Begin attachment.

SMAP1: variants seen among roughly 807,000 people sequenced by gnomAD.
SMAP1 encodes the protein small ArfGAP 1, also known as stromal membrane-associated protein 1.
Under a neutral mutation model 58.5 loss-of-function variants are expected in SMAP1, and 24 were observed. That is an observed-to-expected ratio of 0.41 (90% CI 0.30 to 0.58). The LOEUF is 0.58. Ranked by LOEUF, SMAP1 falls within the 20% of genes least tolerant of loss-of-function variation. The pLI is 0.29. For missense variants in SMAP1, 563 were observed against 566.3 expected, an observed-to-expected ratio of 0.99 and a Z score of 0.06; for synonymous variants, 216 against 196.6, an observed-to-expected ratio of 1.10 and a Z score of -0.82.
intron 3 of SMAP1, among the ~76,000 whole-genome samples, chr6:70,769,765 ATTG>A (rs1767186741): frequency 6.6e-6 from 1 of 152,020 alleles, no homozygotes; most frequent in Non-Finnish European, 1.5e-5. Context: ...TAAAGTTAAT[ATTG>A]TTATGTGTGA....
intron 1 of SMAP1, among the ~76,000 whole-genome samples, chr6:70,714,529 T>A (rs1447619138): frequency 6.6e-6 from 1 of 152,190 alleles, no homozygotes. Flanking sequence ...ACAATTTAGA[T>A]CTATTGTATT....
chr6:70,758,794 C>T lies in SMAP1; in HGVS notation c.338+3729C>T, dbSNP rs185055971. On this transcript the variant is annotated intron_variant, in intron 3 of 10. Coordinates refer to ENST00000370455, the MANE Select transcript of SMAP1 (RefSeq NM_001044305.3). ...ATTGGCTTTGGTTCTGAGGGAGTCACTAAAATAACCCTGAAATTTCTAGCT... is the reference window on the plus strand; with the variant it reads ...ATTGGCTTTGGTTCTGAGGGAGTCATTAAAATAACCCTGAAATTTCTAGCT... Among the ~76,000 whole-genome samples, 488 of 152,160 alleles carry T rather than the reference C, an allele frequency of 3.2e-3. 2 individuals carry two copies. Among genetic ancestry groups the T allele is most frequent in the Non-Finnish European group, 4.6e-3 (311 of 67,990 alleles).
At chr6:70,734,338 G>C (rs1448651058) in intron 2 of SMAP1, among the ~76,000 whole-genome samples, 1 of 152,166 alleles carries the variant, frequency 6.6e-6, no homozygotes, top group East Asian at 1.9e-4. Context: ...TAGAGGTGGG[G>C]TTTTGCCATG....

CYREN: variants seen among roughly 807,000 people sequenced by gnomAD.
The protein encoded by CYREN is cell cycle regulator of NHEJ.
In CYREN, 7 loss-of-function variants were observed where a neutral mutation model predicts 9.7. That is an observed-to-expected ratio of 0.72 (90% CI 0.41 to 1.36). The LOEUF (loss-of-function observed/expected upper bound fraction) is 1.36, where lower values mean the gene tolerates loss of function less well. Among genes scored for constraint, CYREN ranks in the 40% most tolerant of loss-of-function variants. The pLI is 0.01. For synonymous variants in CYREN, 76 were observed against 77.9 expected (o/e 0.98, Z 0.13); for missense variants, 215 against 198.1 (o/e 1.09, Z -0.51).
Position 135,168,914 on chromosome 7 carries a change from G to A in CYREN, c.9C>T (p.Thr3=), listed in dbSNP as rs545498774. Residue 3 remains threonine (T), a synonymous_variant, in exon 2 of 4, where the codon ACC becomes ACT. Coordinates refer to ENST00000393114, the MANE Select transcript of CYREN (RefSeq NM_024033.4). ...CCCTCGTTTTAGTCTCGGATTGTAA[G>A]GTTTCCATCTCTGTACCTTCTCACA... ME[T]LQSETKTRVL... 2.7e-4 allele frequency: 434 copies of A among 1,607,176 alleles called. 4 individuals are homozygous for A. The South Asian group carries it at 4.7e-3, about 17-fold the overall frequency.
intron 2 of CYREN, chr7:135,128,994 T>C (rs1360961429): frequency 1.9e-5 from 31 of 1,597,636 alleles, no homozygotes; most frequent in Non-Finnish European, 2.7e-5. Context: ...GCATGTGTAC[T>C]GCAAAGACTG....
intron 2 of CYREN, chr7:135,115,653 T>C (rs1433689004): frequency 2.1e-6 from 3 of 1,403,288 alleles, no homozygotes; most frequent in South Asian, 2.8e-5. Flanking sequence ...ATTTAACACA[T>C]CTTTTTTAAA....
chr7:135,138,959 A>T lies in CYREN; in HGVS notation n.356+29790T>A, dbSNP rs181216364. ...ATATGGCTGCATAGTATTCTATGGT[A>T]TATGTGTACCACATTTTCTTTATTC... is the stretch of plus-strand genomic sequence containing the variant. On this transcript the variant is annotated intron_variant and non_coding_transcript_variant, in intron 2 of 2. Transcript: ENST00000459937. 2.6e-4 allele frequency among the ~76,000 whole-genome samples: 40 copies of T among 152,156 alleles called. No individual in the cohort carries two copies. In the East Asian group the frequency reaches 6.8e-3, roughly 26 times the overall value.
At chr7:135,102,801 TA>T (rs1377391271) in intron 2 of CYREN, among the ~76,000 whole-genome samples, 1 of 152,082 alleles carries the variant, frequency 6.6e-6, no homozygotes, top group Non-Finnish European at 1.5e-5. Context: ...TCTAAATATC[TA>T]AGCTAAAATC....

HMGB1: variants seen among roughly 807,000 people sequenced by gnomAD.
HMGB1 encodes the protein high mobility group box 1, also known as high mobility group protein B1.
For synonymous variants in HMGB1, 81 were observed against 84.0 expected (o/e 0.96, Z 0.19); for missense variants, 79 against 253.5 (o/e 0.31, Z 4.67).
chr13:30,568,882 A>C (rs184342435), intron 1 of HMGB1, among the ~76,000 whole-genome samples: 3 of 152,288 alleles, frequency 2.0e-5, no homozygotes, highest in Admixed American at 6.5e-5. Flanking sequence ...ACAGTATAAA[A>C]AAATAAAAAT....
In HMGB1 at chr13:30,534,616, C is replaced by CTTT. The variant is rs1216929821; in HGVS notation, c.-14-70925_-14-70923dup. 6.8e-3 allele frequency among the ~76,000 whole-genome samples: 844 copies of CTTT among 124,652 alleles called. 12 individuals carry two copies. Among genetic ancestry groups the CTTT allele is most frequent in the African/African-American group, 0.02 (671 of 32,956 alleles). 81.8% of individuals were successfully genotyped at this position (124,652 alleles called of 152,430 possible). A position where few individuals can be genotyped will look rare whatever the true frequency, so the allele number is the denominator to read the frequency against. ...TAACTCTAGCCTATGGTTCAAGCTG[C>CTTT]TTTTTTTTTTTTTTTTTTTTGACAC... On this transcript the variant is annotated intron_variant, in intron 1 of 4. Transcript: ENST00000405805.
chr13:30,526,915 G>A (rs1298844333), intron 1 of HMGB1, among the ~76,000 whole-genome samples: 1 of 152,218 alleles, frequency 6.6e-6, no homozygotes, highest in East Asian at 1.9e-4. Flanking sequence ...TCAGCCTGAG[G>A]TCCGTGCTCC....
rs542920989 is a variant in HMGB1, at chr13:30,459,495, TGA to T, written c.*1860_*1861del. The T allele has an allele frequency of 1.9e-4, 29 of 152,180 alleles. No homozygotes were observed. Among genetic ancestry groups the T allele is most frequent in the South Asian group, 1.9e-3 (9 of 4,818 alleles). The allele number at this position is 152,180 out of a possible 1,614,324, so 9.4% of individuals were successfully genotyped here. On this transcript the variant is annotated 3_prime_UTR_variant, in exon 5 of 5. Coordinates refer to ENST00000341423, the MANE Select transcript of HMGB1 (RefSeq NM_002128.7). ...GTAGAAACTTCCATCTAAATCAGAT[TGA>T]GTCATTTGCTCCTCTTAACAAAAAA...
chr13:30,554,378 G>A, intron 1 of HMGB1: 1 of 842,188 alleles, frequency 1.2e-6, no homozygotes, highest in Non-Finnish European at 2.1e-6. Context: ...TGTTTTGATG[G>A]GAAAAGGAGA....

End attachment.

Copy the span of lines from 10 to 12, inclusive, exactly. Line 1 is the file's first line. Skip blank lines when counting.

In CYREN, 7 loss-of-function variants were observed where a neutral mutation model predicts 9.7. That is an observed-to-expected ratio of 0.72 (90% CI 0.41 to 1.36). The LOEUF (loss-of-function observed/expected upper bound fraction) is 1.36, where lower values mean the gene tolerates loss of function less well. Among genes scored for constraint, CYREN ranks in the 40% most tolerant of loss-of-function variants. The pLI is 0.01. For synonymous variants in CYREN, 76 were observed against 77.9 expected (o/e 0.98, Z 0.13); for missense variants, 215 against 198.1 (o/e 1.09, Z -0.51).
Position 135,168,914 on chromosome 7 carries a change from G to A in CYREN, c.9C>T (p.Thr3=), listed in dbSNP as rs545498774. Residue 3 remains threonine (T), a synonymous_variant, in exon 2 of 4, where the codon ACC becomes ACT. Coordinates refer to ENST00000393114, the MANE Select transcript of CYREN (RefSeq NM_024033.4). ...CCCTCGTTTTAGTCTCGGATTGTAA[G>A]GTTTCCATCTCTGTACCTTCTCACA... ME[T]LQSETKTRVL... 2.7e-4 allele frequency: 434 copies of A among 1,607,176 alleles called. 4 individuals are homozygous for A. The South Asian group carries it at 4.7e-3, about 17-fold the overall frequency.
intron 2 of CYREN, chr7:135,128,994 T>C (rs1360961429): frequency 1.9e-5 from 31 of 1,597,636 alleles, no homozygotes; most frequent in Non-Finnish European, 2.7e-5. Context: ...GCATGTGTAC[T>C]GCAAAGACTG....